John Gardiner Calkins Brainard

(1796-1828 / the United States)

John Gardiner Calkins Brainard Poems

1. A Rainy Day 9/18/2010
2. An Evening Cloud 9/18/2010
3. Epithalamium 9/18/2010
4. Extracts From New-Year's Verses For 1825 9/18/2010
5. Extracts From Verses Written For The New-Year,1823 9/18/2010
6. For The Anniversary Of The Hartford County Agricultural Society. 1826 9/18/2010
7. Introduction To A Ladies Album 9/18/2010
8. Isaiah, Chapter Xxxv 9/18/2010
9. Jack Frost And The Caty-Did 9/18/2010
10. Jerusalem 9/18/2010
11. Leather Stocking 9/18/2010
12. Maniac’s Song 9/18/2010
13. Matchit Moodus 9/18/2010
14. Mr. Merry’s Lament For Long Tom 9/18/2010
15. On A Late Loss 9/18/2010
16. On The Birthday Of Washington 9/18/2010
17. On The Death Of Alexander, Emperor Of The Russias, At Taganrok 9/18/2010
18. On The Death Of Commodore Oliver H. Perry. 9/18/2010
19. On The Death Of Mr. Woodward, At Edinburgh. 9/18/2010
20. On The Death Of Rev. Levi Parsons. 9/18/2010
21. On The Loss Of A Pious Friend 9/18/2010
22. On The Project Of African Colonization. 9/18/2010
23. One That’s On The Sea 9/18/2010
24. Presidential Cotillion 9/18/2010
25. Qui Stanstulit Sustinet 9/18/2010
26. Revery 9/18/2010
27. Salmon River. 9/18/2010
28. Scire Facias 9/18/2010
29. Sketch Of An Occurrence On Board A Brig 9/18/2010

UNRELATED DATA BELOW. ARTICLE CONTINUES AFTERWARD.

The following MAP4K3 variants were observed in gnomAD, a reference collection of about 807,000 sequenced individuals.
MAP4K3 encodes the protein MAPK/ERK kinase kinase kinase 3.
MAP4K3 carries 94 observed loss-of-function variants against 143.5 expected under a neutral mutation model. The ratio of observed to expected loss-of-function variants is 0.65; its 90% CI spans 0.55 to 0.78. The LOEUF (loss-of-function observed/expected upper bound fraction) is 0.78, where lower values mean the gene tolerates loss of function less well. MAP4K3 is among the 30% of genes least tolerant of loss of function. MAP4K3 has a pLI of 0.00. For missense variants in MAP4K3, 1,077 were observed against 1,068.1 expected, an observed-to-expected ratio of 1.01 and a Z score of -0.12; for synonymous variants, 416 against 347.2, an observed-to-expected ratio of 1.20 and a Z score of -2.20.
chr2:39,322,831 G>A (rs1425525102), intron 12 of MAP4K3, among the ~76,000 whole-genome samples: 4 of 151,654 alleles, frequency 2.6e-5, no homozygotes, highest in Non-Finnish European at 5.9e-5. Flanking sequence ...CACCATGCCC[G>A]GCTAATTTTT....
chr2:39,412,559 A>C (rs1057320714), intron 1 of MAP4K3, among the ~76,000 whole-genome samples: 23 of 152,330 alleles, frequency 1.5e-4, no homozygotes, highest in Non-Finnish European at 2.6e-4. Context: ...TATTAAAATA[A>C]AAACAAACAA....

30. Snow In April 9/18/2010
31. Song - If I Could Love 9/18/2010
32. Sonnet To The Sea-Serpent. 9/18/2010
33. Sonnet. To---- 9/18/2010
34. Sonnet. To A Lady On The Death Of Mrs. ----- --- 9/18/2010
35. Sonnet. To A Lady On The Death Of Mrs. ----- --- 9/18/2010
36. Spring 9/18/2010
37. Stanzas 9/18/2010
38. Stanzas #2 9/18/2010
39. Stanzas #3 9/18/2010
40. Stifled With Sweets 9/18/2010
Best Poem of John Gardiner Calkins Brainard

Ā;Es Alienum

HISPANIA! O, Hispania! once my home —
How hath thy fall degraded every son
Who owns thee for a birth-place. They who walk
Thy marbled courts and holy sanctuaries,
Or tread thy olive groves, and pluck the grapes
That cluster there — or dance the saraband
By moonlight, to some Moorish melody —
Or whistle with the Muleteer, along
Thy goat-climbed rocks and awful precipices;
How do the nations scorn them and deride!
And they who wander where a Spanish tongue
Was never heard, and where a Spanish heart
Had never beat before, how poor, how shunned,
Avoided, ...

Read the full of Ā;Es Alienum

A Rainy Day

It rains. What lady loves a rainy day?
Not she who puts prunella on her foot,
Zephyrs around her neck, and silken socks
Upon a graceful ancle — nor yet she
Who sports her tasselled parasol along
The walks, beau-crowded on some sunny noon,
Or trips in muslin, in a winter's night
On a cold sleigh-ride — to a distant ball.
She loves a rainy day who sweeps the hearth,

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